Little Cowhole Mountain, Cowhole Mountain, Table Mountain, Woods Mountains, Dome Mountain, Snaggle-Tooth, Turquoise Peak, Squaw Mountain, Silurian Hills, Stepladder Mountains, The Fenner Hills, Club Peak, Wildcat Buttes, Teutonia Peak


By: Andy Smatko


More Smatko Scrambles

To you newcomers, we have the Dean of Desert Peakers, Dr Andy Smatko, who has climbed every Desert Peak on our list. His many-years-long pursuit is to reach the high point of every range in San Bernardino County-our country's largest.

Notes from his diary follow:

On the weekend, of Jan 13-14 Ellen Siegal, Bill Schuler, and I climbed Little Cowhole and Cowhole Mtns. How those peaks received their names I can't tell as Guddi's Place Names In California makes no mention. There are lots of cows in the vicinity.

Both these mountains, not exactly small in their extent, are composed of rough lavitic rock very similar to Old Dad Mtn. We did Lil Cowhole from the south-a short climb, but enlivened by a beautiful downhill "sand run". Cowhole is a precipitous craggy mtn which we approached from the north. Almost until the summit was reached were we sure that the route would "go", so steep and cliffy was this route. However as it turned out most of the climb was class 2 although we deliberately went up a couple of class 3 pitches. There are several summits to this peak, actually a small range in itself, it is really an impressive piece of rock and is worthy for addition to the DPS list.

We camped near a pile of huge boulders just west of the Black Canyon road at the west end of Round Valley, southeast of Cima. Some of these granite boulders were 25' by 30' by 50' in size and reminded us of those giants in Joshua Tree National Monument. It is a frequently used campsite, attested by plastic-covered man-made johns located in the rocks. Bill and I climbed to the top of the class 3 pile, but there are plenty of first ascents to be made up to class 6 with overhangs.

Next day we climbed Table Mtn at the NE end of Gold Valley, a striking affair with a flat top tens of acres in extent and forested an well. A wall of cliffs circles the top varying from 30-70' high. This mtn, too, is volcanic in origin, although immediately to the west of it and connected to it by a ridge is a short range of granitic hills-again like the Joshua Tree situation and quite rugged. It is indeed a geologic puzzle.

We found a road leading towards the north side of the Woods Mtns and across a cow pasture. Our climb up the N slopes was made very easy due to a well-used burro trail. It was so good in places that we wondered if it had not been man-made. The Woods Range is a fairly large one and our trail took us to a broad saddle just E of a rough, rocky summit some 150' above the saddle. All along this appeared as the high point and it is thus shown on the topo sheet. However, upon looking to the east we saw a broad summit that was equally high, or even higher. It lay one-half mile away, so we sauntered over to it and found a cairn with an iron stake in it which to me was definitely higher. Ellen & Bill judged. it to be about the same as the western summit. We left a register and descended via the good trail.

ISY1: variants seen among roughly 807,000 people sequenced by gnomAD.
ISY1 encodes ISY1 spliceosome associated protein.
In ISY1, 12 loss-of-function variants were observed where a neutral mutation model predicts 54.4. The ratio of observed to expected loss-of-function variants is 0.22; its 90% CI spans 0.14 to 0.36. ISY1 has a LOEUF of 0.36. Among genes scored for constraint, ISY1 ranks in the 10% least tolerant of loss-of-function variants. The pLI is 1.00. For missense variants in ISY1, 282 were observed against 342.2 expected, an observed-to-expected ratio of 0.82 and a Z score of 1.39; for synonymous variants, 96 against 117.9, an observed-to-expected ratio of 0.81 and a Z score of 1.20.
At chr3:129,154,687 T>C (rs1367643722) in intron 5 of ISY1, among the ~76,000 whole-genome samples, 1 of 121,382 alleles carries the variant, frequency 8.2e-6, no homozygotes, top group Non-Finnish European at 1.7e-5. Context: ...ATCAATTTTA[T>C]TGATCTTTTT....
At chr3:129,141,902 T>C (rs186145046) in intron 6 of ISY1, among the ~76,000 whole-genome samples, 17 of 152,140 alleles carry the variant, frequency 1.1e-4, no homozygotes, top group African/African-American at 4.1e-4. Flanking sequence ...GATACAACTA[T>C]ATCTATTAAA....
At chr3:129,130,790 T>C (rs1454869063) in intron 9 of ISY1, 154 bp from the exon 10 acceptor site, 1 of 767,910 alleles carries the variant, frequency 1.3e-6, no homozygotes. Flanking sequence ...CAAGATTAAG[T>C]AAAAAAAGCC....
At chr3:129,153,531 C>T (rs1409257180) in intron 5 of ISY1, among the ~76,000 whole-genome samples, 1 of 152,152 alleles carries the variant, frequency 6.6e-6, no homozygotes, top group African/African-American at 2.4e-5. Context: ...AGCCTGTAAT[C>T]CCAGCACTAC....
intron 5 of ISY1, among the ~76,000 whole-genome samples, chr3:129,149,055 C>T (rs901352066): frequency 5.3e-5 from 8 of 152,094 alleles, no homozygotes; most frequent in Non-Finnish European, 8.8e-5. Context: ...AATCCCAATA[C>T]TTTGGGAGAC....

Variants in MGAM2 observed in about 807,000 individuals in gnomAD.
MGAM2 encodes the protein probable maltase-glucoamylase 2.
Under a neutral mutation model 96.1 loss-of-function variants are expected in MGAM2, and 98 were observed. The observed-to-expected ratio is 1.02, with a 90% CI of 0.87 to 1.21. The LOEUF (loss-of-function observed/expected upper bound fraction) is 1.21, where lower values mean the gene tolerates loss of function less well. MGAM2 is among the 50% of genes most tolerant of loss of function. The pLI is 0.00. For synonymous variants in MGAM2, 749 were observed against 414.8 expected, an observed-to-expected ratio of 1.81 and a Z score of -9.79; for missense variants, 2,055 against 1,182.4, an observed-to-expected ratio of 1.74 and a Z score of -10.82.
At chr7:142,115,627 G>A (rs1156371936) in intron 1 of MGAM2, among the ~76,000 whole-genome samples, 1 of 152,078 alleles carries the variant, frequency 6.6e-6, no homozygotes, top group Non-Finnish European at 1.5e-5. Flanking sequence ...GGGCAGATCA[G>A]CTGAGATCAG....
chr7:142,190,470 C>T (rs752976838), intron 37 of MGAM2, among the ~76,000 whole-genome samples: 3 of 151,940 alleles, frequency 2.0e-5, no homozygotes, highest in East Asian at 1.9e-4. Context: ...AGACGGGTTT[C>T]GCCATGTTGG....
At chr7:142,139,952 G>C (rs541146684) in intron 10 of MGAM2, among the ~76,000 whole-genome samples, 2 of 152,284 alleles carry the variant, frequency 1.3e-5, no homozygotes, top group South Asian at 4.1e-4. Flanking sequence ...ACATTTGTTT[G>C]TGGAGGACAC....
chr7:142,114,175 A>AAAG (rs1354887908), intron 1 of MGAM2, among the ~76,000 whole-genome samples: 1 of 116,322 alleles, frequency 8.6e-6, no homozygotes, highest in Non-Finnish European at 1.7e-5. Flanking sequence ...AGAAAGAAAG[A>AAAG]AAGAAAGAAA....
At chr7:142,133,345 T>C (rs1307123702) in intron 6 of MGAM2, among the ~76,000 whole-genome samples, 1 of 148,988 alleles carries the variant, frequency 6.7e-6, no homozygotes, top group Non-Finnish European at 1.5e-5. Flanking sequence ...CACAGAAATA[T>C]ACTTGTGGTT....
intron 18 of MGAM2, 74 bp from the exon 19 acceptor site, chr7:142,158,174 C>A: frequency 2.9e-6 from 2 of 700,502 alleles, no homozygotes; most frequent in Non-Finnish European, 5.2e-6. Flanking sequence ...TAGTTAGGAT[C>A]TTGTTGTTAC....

As we plenty of daylight with us, we next headed into the Mid Hills via a road trending SW from the Black Canyon Road-a short way south of our camp the night before. Our objective was a most striking granite tooth that can not go unnoticed as one travels between Cima and Kelso, Ellen & I had reached the base of the north face last year, but did not climb it as we had no rope for the last 100' of definite 4th class. This time we were prepared with pitons and hardware, but these were not necessary. Bill led, up and it was a first ascent and quite an airy perch it was! The E & W faces were good 5th class while the S face was overhanging. Another striking summit a hundred or so yards to the south would give a rock climber a probable bolt climb. Time did not permit us to check this one out. Other granitic pinnacles abound in this section of the Mid Hills. The actual high points lie a couple of miles to the north, and those were climbed by Ellen & I last year. Those are class 3 to minimal 4 and are composed of twin spires of granite.

Mar 1 Diary: On a couple of weekends in the past five weekends several friends and myself have done the following peaks: